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Central African Republic negotiating for surrender of warlord Kony
Question of the Day
The Central African Republic says it is negotiating the surrender of warlord Joseph Kony, leader of the Lord's Resistance Army (LRA) who is the subject of a U.S.-aided manhunt, but the Obama administration said Thursday it has "little reason to believe" the Ugandan rebel is part of the talks.
"The United States is aware that Central African Republic authorities have been in contact for several months with a small Lord's Resistance Army group in CAR that has expressed interest in surrendering," a State Department official said on the condition of anonymity. "At this time, we have little reason to believe that Joseph Kony is part of this group."
Central African Republic officials, including interim President Michel Djotodia, say they are in talks with Kony, who they believe is in the town of Nzako.
"The president said he had spoken by telephone with Joseph Kony who wants to lay down his arms," government spokesman Gaston Mackouzangba told The Associated Press. "The negotiations are ongoing."
Kony is wanted by the International Criminal Court for crimes against humanity. The Obama administration has offered a $5 million reward for information leading to the arrest of Kony and two of his top lieutenants, Okot Odhiambo and Dominic Ongwen.
In April, U.S. and Ugandan officials put military operations to nab Kony on hold after Seleka rebels overran the country, overthrew President Francois Bozize and took over the capital, Bangui.
African Union-led forces, backed by about 100 U.S. military advisers, renewed their manhunt for Kony in the Central African Republic in August.
Kony previously has used lulls in fighting and negotiations to relocate his rebels and replenish their ranks.
"Many times in the past, Joseph Kony and his senior commanders have used — and we believe will continue to use — any and every pre-text to rest, regroup and rearm, ultimately returning to kidnapping, killing, displacing and otherwise abusing civilian populations," the State Department official said.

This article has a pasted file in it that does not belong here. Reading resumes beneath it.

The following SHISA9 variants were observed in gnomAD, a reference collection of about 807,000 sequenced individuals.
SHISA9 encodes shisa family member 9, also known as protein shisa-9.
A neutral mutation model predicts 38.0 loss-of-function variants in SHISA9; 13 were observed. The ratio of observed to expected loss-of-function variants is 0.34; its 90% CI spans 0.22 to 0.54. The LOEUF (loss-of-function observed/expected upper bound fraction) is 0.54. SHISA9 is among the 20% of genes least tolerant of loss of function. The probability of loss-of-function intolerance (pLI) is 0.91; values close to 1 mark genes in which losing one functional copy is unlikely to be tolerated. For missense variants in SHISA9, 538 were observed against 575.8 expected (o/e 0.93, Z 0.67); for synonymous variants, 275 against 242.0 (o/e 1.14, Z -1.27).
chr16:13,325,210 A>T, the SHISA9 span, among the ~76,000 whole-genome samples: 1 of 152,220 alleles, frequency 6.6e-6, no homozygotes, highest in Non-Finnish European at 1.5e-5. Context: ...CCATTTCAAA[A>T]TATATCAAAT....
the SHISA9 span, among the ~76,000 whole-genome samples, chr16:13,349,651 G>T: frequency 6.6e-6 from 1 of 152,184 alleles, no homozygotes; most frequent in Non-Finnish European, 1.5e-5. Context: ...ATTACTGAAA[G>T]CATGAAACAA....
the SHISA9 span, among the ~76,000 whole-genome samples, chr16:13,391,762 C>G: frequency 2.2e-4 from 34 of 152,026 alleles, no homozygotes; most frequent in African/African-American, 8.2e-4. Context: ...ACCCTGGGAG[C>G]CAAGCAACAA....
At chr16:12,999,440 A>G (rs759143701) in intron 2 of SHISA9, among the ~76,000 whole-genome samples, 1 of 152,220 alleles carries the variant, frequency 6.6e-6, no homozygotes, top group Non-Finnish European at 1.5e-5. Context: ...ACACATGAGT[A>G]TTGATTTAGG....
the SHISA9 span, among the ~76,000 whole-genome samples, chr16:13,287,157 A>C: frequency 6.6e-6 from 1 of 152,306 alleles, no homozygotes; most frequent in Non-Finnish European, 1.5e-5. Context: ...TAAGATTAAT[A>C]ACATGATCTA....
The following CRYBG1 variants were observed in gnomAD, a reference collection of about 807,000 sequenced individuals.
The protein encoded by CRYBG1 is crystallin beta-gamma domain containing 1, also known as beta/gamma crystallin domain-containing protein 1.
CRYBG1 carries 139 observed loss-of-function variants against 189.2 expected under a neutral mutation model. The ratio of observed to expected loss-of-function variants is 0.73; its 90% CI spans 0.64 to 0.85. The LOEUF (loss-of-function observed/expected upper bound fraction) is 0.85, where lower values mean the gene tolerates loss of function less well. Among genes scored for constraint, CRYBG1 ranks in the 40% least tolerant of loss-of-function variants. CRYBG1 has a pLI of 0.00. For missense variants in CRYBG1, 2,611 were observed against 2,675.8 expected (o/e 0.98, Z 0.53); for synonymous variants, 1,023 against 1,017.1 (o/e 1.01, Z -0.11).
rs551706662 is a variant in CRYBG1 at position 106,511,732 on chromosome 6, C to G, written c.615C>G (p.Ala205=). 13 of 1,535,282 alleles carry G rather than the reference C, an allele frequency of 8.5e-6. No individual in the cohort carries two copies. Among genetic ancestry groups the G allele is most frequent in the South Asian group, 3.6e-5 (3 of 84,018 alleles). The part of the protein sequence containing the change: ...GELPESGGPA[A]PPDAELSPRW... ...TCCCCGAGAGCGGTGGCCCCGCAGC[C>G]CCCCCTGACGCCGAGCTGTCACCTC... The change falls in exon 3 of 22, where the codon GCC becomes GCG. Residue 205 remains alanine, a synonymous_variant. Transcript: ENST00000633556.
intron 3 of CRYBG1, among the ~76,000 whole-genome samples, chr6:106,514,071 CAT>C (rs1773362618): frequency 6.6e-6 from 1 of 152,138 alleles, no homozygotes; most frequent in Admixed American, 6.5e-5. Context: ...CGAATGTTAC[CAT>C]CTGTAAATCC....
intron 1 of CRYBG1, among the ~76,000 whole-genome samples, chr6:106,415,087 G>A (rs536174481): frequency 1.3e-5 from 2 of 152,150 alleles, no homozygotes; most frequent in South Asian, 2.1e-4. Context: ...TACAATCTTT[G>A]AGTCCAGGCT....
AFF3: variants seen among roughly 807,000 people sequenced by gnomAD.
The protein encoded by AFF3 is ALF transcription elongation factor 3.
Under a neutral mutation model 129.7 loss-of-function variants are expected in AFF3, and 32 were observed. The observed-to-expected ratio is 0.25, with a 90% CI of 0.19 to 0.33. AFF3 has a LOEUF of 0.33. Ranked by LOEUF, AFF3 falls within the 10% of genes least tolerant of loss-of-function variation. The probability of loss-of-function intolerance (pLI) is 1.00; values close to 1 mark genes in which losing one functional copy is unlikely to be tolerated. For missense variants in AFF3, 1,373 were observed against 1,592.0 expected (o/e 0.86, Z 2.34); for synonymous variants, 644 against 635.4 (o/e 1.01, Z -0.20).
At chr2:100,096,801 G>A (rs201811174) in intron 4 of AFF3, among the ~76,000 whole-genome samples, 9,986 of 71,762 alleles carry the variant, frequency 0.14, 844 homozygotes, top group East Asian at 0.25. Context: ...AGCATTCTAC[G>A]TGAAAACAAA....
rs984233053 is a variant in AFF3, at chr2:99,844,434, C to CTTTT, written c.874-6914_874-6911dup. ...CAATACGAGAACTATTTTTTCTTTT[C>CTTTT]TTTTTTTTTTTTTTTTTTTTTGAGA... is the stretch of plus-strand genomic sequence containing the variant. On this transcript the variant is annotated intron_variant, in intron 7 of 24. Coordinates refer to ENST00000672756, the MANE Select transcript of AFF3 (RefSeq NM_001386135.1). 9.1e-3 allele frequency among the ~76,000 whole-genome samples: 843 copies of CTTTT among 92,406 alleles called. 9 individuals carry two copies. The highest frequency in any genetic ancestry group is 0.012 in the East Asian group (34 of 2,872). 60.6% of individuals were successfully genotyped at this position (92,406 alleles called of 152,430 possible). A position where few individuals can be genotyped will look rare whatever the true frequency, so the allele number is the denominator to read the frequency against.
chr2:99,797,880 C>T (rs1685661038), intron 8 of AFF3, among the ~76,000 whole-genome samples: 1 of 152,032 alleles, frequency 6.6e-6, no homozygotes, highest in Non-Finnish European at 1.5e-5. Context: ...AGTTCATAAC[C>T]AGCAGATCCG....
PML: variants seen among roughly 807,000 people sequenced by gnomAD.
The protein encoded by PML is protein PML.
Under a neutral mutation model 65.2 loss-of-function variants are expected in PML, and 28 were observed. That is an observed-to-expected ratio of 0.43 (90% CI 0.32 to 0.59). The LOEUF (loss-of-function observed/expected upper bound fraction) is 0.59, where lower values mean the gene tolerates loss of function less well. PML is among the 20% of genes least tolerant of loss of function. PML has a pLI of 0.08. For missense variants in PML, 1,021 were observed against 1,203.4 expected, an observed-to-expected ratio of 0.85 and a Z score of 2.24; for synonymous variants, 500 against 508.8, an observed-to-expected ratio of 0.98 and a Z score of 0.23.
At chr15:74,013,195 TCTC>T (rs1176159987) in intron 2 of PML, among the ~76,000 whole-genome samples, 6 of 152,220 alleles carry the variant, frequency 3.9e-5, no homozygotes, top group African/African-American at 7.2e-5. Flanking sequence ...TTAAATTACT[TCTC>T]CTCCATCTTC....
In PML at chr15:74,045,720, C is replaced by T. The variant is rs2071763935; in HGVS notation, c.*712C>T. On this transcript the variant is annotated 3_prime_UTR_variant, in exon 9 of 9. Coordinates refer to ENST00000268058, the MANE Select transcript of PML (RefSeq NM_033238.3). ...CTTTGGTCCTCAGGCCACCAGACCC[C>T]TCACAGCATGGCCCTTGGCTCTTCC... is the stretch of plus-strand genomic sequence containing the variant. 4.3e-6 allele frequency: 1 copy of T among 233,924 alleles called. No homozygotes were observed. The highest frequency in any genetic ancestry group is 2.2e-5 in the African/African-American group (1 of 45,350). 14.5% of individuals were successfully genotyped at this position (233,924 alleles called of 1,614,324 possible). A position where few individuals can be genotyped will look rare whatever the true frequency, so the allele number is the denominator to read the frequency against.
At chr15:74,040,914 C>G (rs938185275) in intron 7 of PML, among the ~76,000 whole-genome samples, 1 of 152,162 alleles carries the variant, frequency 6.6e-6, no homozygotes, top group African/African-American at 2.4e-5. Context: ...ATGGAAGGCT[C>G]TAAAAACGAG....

Michael Poffenberger, executive director of the anti-LRA advocacy group The Resolve, said an LRA group represented by a mid-level commander has been engaged in dialogue with local authorities in Nzako since August.
"There has been no concrete evidence that [Kony] is in any way associated [with the talks]," Mr. Poffenberger said. "Furthermore, there is concern that this group is only using this as an opportunity to gain food and supplies for the LRA, which they have now been given by the CAR authorities."
The LRA operates in jungles straddling the borders of the Central African Republic, the Democratic Republic of the Congo and South Sudan.
The State Department official said it is clear that the Lord's Resistance Army is under significant pressure from the African Union's Regional Task Force.
"The AU Regional Task Force must maintain the current momentum and continue its operations against all LRA groups," the official said.
Nearly 100 men, women and children have left the LRA since 2012, and the U.S. military advisers encourage and facilitate such defections.
"We will continue to welcome those who are serious about putting down their arms and surrendering," the State Department official said.
On Wednesday, the AU special envoy on the LRA, Francisco Madeira, told the U.N. Security Council that he is aware of reports that Kony is suffering from a "serious, uncharacterized illness."
The State Department official said that U.S. officials have seen "varying reports about Kony's health."
The LRA originated in northern Uganda and has spread its operations across central Africa. The group is notorious for killing civilians, using children as soldiers and sex slaves, and trafficking ivory. It seeks to overthrow the Ugandan government and rule the country under its interpretation of the Ten Commandments.
© Copyright 2014 The Washington Times, LLC. Click here for reprint permission.
About the Author
Ashish Kumar Sen is a reporter covering foreign policy and international developments for The Washington Times.
Prior to joining The Times, Mr. Sen worked for publications in Asia and the Middle East. His work has appeared in a number of publications and online news sites including the British Broadcasting Corp., Asia Times Online and Outlook magazine.
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